Covid-19 has not been a launching pad for e-commerce after all: online sales are actually decreasing worldwide. In countries such as Belgium, Germany and the Netherlands, decreases as big as by a quarter are measured, now that physical shops are open without restriction again. Moreover, online shoppers are more often just looking, not buying.
Fewer visitors, fewer orders
In the second quarter of this year, web shops received on average 2 % fewer visitors worldwide, while the number of orders dropped by 6 % and total expenditure was 4 % lower. These are some of the conclusions from research by Salesforce into the online shopping behaviour of one billion shoppers in over sixty countries.
The decline can be explained by the Covid pandemic, which catapulted e-commerce to unprecedented heights when physical shops were forced to remain closed in many countries. Reduced consumer confidence due to high inflation will undoubtedly also contribute to the decrease.
Up to a quarter less
In the first quarter of 2022, e-commerce growth in the Netherlands shrank by 27 % compared to the same period in 2021. At that time, the growth rate was 25 % compared to a year earlier. In other words: the Covid effect is completely erased again. Globally, there was a decline of 2 %, while Belgium saw a decline of 11 %. Powerhouse Germany saw online sales drop by a fifth, France and the United Kingdom by a tenth.
The second quarter showed more of the same: online sales were 12 % lower in the Netherlands, 15 % in Belgium. In Belgium there was a little more traffic, but fewer orders than a year earlier. In the Netherlands, there was both less traffic (- 6 %) and fewer orders. While the situation in the UK stabilised somewhat (- 8 %), online sales in France and Germany took a dramatic hit of minus 20 to 25 %.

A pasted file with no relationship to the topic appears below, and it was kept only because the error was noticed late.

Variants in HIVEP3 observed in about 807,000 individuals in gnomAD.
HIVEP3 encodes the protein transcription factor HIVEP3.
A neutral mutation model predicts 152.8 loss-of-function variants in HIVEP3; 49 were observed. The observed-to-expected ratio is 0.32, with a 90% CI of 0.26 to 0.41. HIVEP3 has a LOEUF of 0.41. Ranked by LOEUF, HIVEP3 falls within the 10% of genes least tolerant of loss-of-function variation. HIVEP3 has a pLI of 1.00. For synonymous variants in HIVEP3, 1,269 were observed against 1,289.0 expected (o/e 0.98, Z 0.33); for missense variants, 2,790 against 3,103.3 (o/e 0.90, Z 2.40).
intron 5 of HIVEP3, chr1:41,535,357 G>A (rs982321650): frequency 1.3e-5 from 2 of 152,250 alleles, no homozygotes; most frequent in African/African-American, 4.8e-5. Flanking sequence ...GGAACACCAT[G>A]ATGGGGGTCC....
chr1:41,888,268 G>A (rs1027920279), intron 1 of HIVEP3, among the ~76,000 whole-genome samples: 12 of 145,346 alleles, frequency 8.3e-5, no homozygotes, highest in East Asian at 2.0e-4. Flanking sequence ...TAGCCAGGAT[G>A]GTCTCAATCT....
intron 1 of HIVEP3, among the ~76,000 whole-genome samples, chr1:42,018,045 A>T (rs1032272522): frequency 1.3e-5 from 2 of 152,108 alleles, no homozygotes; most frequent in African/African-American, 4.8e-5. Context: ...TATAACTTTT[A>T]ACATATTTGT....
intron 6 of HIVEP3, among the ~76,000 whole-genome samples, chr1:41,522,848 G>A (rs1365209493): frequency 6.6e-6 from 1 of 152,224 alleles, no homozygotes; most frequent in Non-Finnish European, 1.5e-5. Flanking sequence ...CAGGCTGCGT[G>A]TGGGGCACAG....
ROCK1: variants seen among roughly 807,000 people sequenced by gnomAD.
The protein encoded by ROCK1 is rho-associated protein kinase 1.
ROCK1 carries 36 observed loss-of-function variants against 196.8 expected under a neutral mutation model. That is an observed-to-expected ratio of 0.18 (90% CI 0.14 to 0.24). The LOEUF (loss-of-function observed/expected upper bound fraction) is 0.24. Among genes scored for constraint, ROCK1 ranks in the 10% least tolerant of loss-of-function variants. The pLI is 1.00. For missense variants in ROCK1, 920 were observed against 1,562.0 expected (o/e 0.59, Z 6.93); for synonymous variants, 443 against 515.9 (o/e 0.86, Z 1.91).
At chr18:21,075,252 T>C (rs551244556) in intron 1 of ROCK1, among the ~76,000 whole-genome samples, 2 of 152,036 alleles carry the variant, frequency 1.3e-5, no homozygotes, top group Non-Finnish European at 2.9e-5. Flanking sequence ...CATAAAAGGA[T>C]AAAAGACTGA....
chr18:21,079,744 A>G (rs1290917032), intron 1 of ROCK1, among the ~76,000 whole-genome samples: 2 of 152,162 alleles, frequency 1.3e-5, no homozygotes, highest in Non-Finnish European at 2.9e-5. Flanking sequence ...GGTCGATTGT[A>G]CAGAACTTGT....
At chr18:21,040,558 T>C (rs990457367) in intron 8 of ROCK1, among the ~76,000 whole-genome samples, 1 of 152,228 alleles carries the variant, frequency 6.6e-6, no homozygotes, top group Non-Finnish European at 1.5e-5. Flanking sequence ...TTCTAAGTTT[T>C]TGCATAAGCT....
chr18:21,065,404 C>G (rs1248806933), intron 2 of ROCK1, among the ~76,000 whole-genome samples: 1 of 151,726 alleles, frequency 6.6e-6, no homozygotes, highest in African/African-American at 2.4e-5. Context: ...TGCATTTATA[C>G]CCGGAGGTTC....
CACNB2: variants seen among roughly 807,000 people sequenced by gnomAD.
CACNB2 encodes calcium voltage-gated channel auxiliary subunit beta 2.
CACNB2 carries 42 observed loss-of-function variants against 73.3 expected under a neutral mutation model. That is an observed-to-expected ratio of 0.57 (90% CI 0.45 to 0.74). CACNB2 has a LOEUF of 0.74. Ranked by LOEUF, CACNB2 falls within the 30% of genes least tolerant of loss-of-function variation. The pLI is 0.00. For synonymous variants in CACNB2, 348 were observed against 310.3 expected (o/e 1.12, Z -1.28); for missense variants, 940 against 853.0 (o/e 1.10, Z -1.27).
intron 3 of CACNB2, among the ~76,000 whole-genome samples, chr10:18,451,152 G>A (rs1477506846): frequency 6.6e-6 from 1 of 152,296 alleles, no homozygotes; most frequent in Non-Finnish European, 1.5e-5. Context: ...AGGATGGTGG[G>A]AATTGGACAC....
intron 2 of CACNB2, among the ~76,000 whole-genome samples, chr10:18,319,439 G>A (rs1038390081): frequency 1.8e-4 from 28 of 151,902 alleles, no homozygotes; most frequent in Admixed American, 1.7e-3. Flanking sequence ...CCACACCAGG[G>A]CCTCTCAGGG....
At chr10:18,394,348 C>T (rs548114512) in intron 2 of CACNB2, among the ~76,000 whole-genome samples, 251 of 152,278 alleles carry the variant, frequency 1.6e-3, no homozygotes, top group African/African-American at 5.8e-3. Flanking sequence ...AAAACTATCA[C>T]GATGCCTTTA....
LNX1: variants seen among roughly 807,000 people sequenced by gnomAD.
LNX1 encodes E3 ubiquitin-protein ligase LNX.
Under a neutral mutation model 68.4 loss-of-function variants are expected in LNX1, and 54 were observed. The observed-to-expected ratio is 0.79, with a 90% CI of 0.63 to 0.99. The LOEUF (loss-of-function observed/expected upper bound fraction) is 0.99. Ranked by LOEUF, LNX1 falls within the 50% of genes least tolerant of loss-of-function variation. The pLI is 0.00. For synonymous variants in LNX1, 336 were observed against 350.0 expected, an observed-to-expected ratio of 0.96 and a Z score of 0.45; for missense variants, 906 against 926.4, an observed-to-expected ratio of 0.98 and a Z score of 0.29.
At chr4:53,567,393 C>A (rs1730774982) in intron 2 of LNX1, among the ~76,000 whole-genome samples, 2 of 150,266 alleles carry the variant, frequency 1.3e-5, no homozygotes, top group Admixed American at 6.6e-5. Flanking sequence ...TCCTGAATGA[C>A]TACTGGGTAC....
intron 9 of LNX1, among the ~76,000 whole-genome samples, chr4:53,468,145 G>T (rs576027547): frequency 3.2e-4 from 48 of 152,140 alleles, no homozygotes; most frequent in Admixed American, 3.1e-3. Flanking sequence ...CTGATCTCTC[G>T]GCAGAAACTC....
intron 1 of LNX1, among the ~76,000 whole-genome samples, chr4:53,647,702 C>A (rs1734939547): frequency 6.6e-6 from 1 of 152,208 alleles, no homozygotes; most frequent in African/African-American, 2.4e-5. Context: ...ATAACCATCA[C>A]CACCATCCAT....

9 in 10 leave shopping cart behind
Just as customers often do offline, the Internet is becoming a place to browse and look around, without actually ordering. Only one-fifth of orders are placed after using the search function on the site – i.e. with a purpose. Almost nine out of ten digital shopping baskets are simply left behind with the goods still in them. The phenomenon of abandoned shopping baskets is strongest for interior design items, less so for food. But even then, 75 % of smartphone surfers do not complete their order.
Remarkably, the Netherlands has by far the highest conversion ratio of all countries, even higher than the UK and US. About 3.3 % of the visitors buy something, the worldwide average is just 2.2 % – and Belgium even sits slightly below that. Still, almost 80 % of the Dutch mobile shoppers leave behind their full shopping basket, comparable to the Belgians.
Only those who shop on a computer, are more ‘faithful’ with only 70 % of orders left behind. Today, however, 70 % of global visitors shop by smartphone, accounting for 60 % of orders. In the Netherlands, the smartphone is even more established. Tablets, on the other hand, are negligible. Globally, one in twelve online shoppers (8 %) visit a webshop via social media.